(WXYZ) — The Great Lakes Shipwreck Historical Society announced this week they have discovered three new shipwrecks in Lake Superior.
According to the society, the 1800s-era shipwrecks were found in the vicinity of Grand Marais, Michigan. More were located, but they are awaiting positive identification.
The first shipwreck happened on Aug. 25, 1883, when the steamship M.M. Drake was towing the schooner Dot with a load of iron ore. The Dot started taking on water, and Captain Jones of the Dot called the M.M. Drake, which came alongside the Dot and took the crew off. All were rescued.
The Dot was built in St. Catharines, Ontario in 1865 and her remains are in over 350 feet of water.
The second shipwreck happened on Sept. 29, 1885, when the Frank W. Wheeler schooner barge was being towed by the steamer Kittie M. Forbes. A gale swept across Lake Superior and the ships struggled until the Wheeler started sinking. The crew was able to get into a lifeboat, and 15 minutes later, the boat sank near Grand Island, which is near present-day Munising. The society said a number of explosions were heard as the ship went underwater. This shipwreck was found in over 600 feet of water.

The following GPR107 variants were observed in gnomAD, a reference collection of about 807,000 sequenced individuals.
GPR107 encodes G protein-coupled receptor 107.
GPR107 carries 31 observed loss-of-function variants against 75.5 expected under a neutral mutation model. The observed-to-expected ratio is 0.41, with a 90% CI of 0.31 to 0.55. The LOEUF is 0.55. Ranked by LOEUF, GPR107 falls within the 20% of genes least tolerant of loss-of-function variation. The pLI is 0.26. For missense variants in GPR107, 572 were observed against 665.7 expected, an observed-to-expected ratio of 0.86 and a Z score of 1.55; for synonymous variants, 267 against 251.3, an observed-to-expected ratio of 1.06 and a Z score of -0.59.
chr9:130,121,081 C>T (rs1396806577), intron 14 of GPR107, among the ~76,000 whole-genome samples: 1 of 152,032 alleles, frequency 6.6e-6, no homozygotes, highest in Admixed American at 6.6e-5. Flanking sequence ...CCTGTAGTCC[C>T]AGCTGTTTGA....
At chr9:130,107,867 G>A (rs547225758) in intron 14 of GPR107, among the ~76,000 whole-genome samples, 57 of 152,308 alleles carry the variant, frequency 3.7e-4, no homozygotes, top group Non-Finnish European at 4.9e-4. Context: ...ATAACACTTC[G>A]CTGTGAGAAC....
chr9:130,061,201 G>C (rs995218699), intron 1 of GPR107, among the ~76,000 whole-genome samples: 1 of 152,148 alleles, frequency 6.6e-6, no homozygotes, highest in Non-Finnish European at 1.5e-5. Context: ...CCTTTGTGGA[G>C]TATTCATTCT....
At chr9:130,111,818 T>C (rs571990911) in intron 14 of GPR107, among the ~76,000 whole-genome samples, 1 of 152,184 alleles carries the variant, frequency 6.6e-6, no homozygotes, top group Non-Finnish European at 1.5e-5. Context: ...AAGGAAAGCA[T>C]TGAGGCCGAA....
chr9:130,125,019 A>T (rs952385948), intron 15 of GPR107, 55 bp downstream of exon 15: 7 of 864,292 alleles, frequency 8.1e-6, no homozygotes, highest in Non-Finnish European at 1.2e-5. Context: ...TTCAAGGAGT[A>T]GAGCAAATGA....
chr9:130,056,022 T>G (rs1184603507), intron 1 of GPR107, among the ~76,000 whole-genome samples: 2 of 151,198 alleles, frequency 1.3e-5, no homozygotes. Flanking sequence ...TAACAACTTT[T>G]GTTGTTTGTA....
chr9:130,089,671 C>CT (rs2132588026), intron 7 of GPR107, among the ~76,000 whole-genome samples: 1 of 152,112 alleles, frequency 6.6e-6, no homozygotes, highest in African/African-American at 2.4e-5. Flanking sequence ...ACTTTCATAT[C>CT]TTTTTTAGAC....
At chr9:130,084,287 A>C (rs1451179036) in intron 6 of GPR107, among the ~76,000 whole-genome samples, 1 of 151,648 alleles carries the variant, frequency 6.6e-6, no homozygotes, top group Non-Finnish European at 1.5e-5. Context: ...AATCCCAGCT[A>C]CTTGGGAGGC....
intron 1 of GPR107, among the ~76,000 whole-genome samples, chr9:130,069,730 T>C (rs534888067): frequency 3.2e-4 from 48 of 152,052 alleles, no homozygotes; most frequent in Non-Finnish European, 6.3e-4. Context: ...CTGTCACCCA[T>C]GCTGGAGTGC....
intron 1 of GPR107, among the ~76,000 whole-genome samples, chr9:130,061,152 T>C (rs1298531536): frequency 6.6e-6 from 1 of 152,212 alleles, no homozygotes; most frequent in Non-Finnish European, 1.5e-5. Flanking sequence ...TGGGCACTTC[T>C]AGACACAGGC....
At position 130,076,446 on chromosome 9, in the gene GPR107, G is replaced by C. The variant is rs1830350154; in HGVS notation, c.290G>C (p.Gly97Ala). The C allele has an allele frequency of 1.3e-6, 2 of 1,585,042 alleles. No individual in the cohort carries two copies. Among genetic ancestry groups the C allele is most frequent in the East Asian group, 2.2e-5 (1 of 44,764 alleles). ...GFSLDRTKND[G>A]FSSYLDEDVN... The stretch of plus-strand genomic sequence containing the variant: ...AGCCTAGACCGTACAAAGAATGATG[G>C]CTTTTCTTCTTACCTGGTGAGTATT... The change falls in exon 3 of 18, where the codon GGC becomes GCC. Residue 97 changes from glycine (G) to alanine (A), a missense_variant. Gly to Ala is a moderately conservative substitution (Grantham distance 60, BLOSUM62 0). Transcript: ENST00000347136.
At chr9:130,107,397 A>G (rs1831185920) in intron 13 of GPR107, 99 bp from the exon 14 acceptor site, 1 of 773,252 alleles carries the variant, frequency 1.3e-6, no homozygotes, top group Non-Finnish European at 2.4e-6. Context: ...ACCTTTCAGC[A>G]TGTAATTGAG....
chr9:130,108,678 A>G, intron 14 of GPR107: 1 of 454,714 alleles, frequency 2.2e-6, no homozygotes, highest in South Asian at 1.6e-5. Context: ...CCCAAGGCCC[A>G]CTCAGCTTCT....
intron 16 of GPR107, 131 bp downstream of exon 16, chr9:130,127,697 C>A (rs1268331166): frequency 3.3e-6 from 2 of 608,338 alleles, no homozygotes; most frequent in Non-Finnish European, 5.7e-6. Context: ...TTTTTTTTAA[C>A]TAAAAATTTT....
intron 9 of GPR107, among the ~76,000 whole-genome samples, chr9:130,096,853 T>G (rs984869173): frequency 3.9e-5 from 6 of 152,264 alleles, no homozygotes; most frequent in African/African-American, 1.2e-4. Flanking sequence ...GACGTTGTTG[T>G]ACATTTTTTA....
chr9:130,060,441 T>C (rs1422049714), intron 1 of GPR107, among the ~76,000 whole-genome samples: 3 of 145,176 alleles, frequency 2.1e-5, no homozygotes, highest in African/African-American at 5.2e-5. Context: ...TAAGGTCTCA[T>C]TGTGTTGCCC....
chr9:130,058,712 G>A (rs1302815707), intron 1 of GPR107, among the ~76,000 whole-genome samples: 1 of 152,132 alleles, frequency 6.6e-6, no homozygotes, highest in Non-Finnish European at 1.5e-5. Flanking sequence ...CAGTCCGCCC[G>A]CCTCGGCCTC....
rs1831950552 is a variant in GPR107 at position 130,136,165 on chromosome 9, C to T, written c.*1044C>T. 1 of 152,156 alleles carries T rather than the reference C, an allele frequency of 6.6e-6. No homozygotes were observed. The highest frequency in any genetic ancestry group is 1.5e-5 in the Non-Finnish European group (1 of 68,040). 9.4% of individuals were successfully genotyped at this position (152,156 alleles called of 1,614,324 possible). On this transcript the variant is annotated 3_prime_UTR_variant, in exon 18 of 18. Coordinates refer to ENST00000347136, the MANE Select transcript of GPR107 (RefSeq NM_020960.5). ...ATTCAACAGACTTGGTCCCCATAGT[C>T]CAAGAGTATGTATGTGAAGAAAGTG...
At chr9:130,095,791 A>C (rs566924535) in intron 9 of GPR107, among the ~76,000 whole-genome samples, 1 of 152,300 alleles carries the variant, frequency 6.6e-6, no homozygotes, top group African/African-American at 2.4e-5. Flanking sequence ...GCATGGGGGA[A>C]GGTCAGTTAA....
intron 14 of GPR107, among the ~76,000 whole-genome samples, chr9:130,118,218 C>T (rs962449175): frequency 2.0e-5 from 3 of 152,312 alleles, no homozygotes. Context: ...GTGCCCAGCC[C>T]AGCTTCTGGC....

Finally, the third shipwreck was from the schooner barge, Michigan, which was also being towed by the M.M. Drake on Oct. 2, 1901. The Drake was the same steamer that towed the Dot.
It was near Vermillion Point, west of Whitefish Point, and both vessels were in rough water. The Michigan's hold reportedly started filling with water, and the Drake was able to get next to the Michigan and the ship's crew was able to jump onto the Drake.
Shortly after, a massive wave smashed both ships together and destroyed the Drake's smokestack, and the ship was left without steam pressure. Waves went over the Drake's deck and both ship's crews were in danger. Two steel steamers nearby were able to rescue the crew.
Both the Drake and the Michigan sank, and the Michigan's cook, Harry Brown, was the only casualty. The Drake's remains were discovered in 1978. The Michiigan's hull was found in 650 feet of water.
The society searched the areas where the ships were reported lost and then used side-scan sonar to analyze the lake's bottom.
“We have well over 2,500 miles of searching this year alone. We're searching 100 miles a day. We're traveling at over 9 miles an hour as we're searching and we're seeing great detail on the bottom, it's amazing," Society Marine Operations Director Darryl Ertel said in a release.